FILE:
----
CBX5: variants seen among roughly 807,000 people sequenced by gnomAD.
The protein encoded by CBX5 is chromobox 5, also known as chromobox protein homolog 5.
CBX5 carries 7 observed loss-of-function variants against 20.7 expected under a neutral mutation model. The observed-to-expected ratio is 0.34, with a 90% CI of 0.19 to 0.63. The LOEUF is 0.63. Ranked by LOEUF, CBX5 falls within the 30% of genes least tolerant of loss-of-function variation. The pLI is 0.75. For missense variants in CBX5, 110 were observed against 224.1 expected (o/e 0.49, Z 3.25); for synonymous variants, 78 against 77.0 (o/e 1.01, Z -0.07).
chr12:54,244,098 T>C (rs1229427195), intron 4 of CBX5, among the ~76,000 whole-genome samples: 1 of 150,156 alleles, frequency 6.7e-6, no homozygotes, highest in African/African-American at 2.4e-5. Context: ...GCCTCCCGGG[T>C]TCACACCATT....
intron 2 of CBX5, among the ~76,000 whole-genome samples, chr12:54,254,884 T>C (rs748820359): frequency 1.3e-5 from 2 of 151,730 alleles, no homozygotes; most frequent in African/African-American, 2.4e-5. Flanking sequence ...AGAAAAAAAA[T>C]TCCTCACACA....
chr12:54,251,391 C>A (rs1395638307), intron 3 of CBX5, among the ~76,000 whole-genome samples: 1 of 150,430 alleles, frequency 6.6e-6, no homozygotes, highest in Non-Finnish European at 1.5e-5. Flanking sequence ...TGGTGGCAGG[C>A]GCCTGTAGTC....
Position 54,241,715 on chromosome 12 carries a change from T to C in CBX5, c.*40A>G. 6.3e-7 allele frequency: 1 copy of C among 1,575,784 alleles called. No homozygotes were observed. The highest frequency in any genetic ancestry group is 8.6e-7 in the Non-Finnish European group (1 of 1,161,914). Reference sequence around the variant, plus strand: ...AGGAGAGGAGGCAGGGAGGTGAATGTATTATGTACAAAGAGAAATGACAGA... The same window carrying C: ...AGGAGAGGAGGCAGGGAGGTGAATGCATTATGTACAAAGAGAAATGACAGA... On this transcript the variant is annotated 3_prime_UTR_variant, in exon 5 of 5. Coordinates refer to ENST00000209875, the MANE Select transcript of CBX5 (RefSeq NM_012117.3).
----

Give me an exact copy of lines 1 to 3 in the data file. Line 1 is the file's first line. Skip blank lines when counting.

CBX5: variants seen among roughly 807,000 people sequenced by gnomAD.
The protein encoded by CBX5 is chromobox 5, also known as chromobox protein homolog 5.
CBX5 carries 7 observed loss-of-function variants against 20.7 expected under a neutral mutation model. The observed-to-expected ratio is 0.34, with a 90% CI of 0.19 to 0.63. The LOEUF is 0.63. Ranked by LOEUF, CBX5 falls within the 30% of genes least tolerant of loss-of-function variation. The pLI is 0.75. For missense variants in CBX5, 110 were observed against 224.1 expected (o/e 0.49, Z 3.25); for synonymous variants, 78 against 77.0 (o/e 1.01, Z -0.07).